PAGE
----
The Effects of Corruption on Economic Development

Mahmoud Moustafa

Effects of Corruption & Importance of Combating Corruption

On the 28th of April 2004 Mr. Daniel Kaufmann (Global Governance Director of the World Bank Institute) – commenting on the costs of corruption- stated that: “a conservative approach to such measurement gives an estimate for annual worldwide bribery of about US 1 trillion dollars.”1

Corruption can take many forms that vary in degree from the minor use of influence to institutionalized bribery. Transparency International’s definition of corruption is: “the abuse of entrusted power for private gain”. This can mean not only financial gain but also non-financial advantages.2

Definition of Corruption

The definition of corruption and how much money it involves is not a particularly challenging notion to tackle. This paper, rather, brings to the attention of the reader the economic importance of combating corruption. The aim is to show the reader:

  1. the role law plays in economic development,
  2. the negative effects of income inequality on sustainable economic development and importance of redistribution on grounds of the Marginal Utility theory
  3. redistribution as the most effective method of eradicating poverty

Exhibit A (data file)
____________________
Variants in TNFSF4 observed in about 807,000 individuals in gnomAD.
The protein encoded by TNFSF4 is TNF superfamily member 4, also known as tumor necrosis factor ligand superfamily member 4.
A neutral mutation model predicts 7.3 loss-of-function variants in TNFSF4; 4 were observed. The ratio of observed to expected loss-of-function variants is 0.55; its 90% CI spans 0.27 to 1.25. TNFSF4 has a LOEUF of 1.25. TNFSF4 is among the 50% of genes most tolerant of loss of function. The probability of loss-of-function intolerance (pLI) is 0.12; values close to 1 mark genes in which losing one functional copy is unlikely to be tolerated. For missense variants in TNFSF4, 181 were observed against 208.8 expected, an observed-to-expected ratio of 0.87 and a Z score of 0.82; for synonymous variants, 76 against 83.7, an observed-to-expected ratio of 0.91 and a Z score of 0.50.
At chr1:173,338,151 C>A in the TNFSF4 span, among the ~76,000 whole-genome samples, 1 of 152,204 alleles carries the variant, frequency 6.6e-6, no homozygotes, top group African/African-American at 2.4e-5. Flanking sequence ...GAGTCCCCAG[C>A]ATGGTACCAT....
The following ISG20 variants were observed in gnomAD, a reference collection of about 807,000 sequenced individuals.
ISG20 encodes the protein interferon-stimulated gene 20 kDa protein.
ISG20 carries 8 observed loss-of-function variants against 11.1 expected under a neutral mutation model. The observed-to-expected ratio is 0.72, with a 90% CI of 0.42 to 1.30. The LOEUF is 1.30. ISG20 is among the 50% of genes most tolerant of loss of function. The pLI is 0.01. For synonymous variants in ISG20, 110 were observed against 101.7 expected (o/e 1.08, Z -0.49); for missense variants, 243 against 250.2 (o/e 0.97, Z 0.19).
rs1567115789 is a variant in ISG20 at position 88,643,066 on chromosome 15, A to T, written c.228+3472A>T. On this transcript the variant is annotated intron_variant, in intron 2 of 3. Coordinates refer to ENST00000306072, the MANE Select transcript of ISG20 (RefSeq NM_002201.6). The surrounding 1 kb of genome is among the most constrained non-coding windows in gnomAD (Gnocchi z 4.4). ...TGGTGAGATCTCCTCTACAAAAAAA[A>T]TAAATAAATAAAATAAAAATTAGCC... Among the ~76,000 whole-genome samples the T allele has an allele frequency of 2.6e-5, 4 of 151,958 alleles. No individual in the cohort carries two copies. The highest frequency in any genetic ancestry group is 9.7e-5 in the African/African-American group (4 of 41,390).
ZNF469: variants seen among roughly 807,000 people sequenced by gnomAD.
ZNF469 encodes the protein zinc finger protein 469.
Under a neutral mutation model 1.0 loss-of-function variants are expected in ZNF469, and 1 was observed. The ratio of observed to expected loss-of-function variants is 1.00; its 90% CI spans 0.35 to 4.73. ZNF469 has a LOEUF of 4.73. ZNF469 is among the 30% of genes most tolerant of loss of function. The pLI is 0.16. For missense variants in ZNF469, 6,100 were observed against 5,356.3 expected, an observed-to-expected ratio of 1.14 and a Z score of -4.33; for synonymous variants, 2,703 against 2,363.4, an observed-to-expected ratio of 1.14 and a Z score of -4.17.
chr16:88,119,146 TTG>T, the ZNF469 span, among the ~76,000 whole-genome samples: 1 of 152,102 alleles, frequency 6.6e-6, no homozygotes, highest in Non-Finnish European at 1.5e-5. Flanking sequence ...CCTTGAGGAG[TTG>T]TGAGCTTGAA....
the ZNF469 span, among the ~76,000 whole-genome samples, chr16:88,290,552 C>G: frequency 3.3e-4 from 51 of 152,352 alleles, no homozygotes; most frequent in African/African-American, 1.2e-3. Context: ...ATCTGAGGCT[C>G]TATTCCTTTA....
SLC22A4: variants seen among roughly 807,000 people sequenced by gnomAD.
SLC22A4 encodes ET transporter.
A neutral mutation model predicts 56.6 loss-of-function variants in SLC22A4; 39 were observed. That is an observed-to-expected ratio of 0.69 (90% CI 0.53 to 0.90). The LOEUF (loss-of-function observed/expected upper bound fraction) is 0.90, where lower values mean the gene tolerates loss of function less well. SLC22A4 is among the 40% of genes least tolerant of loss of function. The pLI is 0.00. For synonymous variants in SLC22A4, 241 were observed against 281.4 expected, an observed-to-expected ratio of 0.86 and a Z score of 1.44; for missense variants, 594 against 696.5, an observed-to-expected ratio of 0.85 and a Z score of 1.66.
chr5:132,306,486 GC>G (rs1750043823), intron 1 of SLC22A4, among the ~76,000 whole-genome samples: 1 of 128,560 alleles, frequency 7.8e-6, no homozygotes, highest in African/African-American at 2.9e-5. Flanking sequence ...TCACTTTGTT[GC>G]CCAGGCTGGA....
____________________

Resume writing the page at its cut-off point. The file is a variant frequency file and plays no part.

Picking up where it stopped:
4. the negative effects of low approval ratings (unhappiness) on sustainable economic development and
  5. the negative effects of corruption on redistribution as well as approval ratings and consequently on sustainable economic development.

The argument simply put is as follows:

  1. empirical studies show that countries with a better redistribution of wealth enjoy longer periods of economic development.
  2. Redistribution of wealth is justified by the idea that if utility is the building block of economic policy then redistribution of wealth is a favourable on the grounds that it brings upon well being to the greatest possible number of people (since the poor’s benefit is much greater than the rich’s loss out of the redistribution process).
  3. Redistribution (based on the idea of Marginal Utility) should only limited by the idea of Efficiency Cost (when it robs production from individual incentive)3
  4. Countries suffering from corruption cannot implement sound redistributional policies and thus are not expected to take benefit from sustainable economic development despite embarking upon economic growth from time to time for some reason or the other.

The argument, simply put, as well, has it that empirical studies show that countries with higher approval ratings (happiness index) enjoy longer periods of economic development. Countries suffering from corruption have low approval ratings because of the public’s frustration of their legitimate expectations, impressions of unfair treatments, expectations of unequal treatment which impose a great risk on individual incentive to produce (Efficiency Cost).

Whereas some would differentiate between bad and good corruption arguing that only corruption4 which is associated with poor institutions has a negative effect on GDP growth whilst residual corruption (corruption which is uncorrelated with other governance characteristics) is positively related to GDP growth with poor institutions. This line of thought has it that an analysis of financial data is positively correlated with capital accumulation and productivity growth in developing countries and that these empirical findings are consistent with the theory that corruption helps overcome inefficient barriers.